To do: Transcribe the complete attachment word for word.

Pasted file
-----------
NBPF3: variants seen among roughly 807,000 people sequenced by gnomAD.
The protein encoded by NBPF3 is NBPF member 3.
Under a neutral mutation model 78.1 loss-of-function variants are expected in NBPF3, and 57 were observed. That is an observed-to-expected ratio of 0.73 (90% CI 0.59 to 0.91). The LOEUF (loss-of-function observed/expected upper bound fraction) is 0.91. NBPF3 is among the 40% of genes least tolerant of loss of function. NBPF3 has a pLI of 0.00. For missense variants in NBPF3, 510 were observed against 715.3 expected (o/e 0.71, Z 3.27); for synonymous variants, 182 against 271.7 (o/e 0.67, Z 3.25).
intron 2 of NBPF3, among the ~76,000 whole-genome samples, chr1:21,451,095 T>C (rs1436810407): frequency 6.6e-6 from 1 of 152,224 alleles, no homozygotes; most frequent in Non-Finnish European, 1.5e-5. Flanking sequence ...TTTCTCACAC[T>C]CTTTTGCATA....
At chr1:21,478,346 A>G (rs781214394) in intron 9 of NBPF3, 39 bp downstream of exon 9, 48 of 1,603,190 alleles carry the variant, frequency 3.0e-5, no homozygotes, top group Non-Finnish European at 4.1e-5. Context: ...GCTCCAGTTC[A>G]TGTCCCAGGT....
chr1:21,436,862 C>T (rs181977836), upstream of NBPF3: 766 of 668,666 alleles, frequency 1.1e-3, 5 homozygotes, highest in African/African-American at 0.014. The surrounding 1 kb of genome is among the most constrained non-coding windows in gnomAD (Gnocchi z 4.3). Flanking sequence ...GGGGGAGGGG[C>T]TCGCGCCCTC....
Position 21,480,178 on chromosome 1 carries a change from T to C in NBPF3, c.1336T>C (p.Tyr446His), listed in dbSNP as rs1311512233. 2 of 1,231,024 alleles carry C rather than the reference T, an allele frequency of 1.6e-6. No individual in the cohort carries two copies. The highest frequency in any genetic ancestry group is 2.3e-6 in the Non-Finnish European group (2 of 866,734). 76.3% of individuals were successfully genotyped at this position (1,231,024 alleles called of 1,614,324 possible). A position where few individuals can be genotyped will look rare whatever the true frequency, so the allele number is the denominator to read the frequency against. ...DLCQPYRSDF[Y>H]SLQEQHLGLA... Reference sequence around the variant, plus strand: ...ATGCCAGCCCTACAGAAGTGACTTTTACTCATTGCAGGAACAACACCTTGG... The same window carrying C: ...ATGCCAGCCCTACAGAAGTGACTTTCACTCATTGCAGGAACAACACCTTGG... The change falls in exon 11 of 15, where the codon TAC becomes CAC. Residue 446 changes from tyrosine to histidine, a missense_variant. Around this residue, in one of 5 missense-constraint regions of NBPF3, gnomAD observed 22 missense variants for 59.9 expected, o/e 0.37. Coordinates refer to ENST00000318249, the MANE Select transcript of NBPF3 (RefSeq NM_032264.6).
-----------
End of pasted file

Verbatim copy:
NBPF3: variants seen among roughly 807,000 people sequenced by gnomAD.
The protein encoded by NBPF3 is NBPF member 3.
Under a neutral mutation model 78.1 loss-of-function variants are expected in NBPF3, and 57 were observed. That is an observed-to-expected ratio of 0.73 (90% CI 0.59 to 0.91). The LOEUF (loss-of-function observed/expected upper bound fraction) is 0.91. NBPF3 is among the 40% of genes least tolerant of loss of function. NBPF3 has a pLI of 0.00. For missense variants in NBPF3, 510 were observed against 715.3 expected (o/e 0.71, Z 3.27); for synonymous variants, 182 against 271.7 (o/e 0.67, Z 3.25).
intron 2 of NBPF3, among the ~76,000 whole-genome samples, chr1:21,451,095 T>C (rs1436810407): frequency 6.6e-6 from 1 of 152,224 alleles, no homozygotes; most frequent in Non-Finnish European, 1.5e-5. Flanking sequence ...TTTCTCACAC[T>C]CTTTTGCATA....
At chr1:21,478,346 A>G (rs781214394) in intron 9 of NBPF3, 39 bp downstream of exon 9, 48 of 1,603,190 alleles carry the variant, frequency 3.0e-5, no homozygotes, top group Non-Finnish European at 4.1e-5. Context: ...GCTCCAGTTC[A>G]TGTCCCAGGT....
chr1:21,436,862 C>T (rs181977836), upstream of NBPF3: 766 of 668,666 alleles, frequency 1.1e-3, 5 homozygotes, highest in African/African-American at 0.014. The surrounding 1 kb of genome is among the most constrained non-coding windows in gnomAD (Gnocchi z 4.3). Flanking sequence ...GGGGGAGGGG[C>T]TCGCGCCCTC....
Position 21,480,178 on chromosome 1 carries a change from T to C in NBPF3, c.1336T>C (p.Tyr446His), listed in dbSNP as rs1311512233. 2 of 1,231,024 alleles carry C rather than the reference T, an allele frequency of 1.6e-6. No individual in the cohort carries two copies. The highest frequency in any genetic ancestry group is 2.3e-6 in the Non-Finnish European group (2 of 866,734). 76.3% of individuals were successfully genotyped at this position (1,231,024 alleles called of 1,614,324 possible). A position where few individuals can be genotyped will look rare whatever the true frequency, so the allele number is the denominator to read the frequency against. ...DLCQPYRSDF[Y>H]SLQEQHLGLA... Reference sequence around the variant, plus strand: ...ATGCCAGCCCTACAGAAGTGACTTTTACTCATTGCAGGAACAACACCTTGG... The same window carrying C: ...ATGCCAGCCCTACAGAAGTGACTTTCACTCATTGCAGGAACAACACCTTGG... The change falls in exon 11 of 15, where the codon TAC becomes CAC. Residue 446 changes from tyrosine to histidine, a missense_variant. Around this residue, in one of 5 missense-constraint regions of NBPF3, gnomAD observed 22 missense variants for 59.9 expected, o/e 0.37. Coordinates refer to ENST00000318249, the MANE Select transcript of NBPF3 (RefSeq NM_032264.6).